I had arranged a meeting in the park with the woman who wrote the found poem. When she arrived she was carrying a tattered folding umbrella. She looked at me and said, I think I’ve eaten a whole block of cocaine. Have you ever broken your ankle?
She sat on the bench and removed a hairbrush then proceeded to drag it across her head. I haven’t washed my hair for a week, she said, rather too proudly, I thought. She threw the brush at a nearby rubbish bin but missed and it landed on the path.
She was wearing black. All black. Her only makeup was black eyeshadow. She had what I would describe as smoky eyes. I didn’t get a chance to tell her that before she lit a cigarette and inhaled deeply before blowing the smoke at me.
She asked me to look into her left eye (smoky in more ways than one). Do you think I need an eye test? I had to say yes because, in fact, both her eyes were bloodshot. Oh, that’s good, she said. I like eye tests. I think I’m obsessed with eye tests.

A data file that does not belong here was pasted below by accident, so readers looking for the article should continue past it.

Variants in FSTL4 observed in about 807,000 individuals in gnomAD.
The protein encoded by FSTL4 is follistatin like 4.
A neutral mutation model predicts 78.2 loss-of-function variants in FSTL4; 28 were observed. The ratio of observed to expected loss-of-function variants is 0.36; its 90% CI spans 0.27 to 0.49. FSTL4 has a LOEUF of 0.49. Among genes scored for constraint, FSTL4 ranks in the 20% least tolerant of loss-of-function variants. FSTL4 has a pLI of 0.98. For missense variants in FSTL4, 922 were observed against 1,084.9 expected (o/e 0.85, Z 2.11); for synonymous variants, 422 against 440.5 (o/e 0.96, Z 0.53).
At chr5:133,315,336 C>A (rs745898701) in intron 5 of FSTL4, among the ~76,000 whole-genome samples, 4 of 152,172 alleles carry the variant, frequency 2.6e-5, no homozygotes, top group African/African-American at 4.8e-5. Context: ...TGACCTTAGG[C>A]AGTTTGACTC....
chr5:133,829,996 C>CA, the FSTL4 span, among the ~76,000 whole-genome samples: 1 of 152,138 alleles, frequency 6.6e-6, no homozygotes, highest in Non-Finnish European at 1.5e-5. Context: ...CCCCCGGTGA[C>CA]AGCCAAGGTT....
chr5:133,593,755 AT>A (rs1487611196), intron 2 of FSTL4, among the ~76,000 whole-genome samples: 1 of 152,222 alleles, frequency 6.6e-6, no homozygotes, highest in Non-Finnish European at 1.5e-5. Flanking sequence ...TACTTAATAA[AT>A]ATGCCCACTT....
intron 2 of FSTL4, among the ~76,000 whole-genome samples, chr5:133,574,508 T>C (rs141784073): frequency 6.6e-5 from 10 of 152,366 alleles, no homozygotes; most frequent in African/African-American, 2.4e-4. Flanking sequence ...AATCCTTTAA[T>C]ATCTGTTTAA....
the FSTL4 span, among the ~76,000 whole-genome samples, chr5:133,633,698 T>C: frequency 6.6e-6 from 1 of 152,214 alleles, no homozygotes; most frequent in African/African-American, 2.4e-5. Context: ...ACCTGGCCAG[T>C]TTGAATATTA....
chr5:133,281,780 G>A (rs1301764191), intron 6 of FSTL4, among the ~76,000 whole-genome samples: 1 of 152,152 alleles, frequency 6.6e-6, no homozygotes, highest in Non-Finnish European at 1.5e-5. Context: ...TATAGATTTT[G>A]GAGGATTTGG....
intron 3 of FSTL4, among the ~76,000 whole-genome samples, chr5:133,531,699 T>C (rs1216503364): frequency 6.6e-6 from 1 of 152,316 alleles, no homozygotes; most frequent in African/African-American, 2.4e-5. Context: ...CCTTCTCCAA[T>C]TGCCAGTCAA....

I noticed a small black dot on the inside of her left index finger. What’s the dot about? I asked. My tone was, I thought, inquisitive but polite.
It’s an experimental tattoo, she said. Then she started to emit a high-pitched whine.
I covered my ears. That’s the sound of the tattoo gun, she said. It sounded more like a dentist’s drill, but I didn’t care to disabuse her at this stage for fear of physical violence.
She started shouting for no apparent reason. DO YOU LIKE BAUHAUS? I asked whether she meant the late 70s band or the Modernist movement. She paused to adopt a disdainful stare, using a head tilt to emphasize the effect.
Before I could share my theory that Bauhaus (the late 70s band), were influenced by so-called kraut rock before they developed their goth music style, she got up and walked off, muttering, nobody likes a smart-arse.
I can’t recall her name. I think she may have been called Elizabeth, but perhaps she was just called Dot.